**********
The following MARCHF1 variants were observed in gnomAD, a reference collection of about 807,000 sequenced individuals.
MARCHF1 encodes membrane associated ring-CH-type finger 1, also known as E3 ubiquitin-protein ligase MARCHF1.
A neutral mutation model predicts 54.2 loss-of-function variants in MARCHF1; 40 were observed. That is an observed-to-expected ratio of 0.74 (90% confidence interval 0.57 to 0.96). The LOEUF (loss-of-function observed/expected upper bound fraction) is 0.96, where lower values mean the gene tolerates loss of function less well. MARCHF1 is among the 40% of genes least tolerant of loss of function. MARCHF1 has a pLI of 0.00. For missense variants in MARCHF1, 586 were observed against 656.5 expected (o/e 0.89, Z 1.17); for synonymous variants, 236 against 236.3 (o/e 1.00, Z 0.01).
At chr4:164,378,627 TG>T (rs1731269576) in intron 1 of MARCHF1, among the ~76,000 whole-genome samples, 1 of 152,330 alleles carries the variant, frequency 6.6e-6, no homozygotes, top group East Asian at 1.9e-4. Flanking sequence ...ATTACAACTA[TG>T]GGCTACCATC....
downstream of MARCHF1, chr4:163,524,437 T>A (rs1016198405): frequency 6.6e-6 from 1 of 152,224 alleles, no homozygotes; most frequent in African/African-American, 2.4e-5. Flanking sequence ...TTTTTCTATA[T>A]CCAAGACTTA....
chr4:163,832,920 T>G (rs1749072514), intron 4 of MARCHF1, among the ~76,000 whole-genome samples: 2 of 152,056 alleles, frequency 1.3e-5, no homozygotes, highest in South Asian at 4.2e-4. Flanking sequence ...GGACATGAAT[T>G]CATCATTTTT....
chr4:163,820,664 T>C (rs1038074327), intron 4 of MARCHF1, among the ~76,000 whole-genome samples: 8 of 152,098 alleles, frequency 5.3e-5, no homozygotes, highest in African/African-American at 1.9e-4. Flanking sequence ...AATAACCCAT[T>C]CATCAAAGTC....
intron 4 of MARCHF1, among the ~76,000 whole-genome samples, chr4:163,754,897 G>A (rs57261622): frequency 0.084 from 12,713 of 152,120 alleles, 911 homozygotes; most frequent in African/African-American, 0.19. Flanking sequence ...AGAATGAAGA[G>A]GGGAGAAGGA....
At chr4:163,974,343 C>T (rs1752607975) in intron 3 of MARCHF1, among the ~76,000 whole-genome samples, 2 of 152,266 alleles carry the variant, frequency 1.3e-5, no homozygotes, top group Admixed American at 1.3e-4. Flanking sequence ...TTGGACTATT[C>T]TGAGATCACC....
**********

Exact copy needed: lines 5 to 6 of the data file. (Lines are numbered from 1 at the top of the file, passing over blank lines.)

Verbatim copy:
downstream of MARCHF1, chr4:163,524,437 T>A (rs1016198405): frequency 6.6e-6 from 1 of 152,224 alleles, no homozygotes; most frequent in African/African-American, 2.4e-5. Flanking sequence ...TTTTTCTATA[T>A]CCAAGACTTA....
chr4:163,832,920 T>G (rs1749072514), intron 4 of MARCHF1, among the ~76,000 whole-genome samples: 2 of 152,056 alleles, frequency 1.3e-5, no homozygotes, highest in South Asian at 4.2e-4. Flanking sequence ...GGACATGAAT[T>G]CATCATTTTT....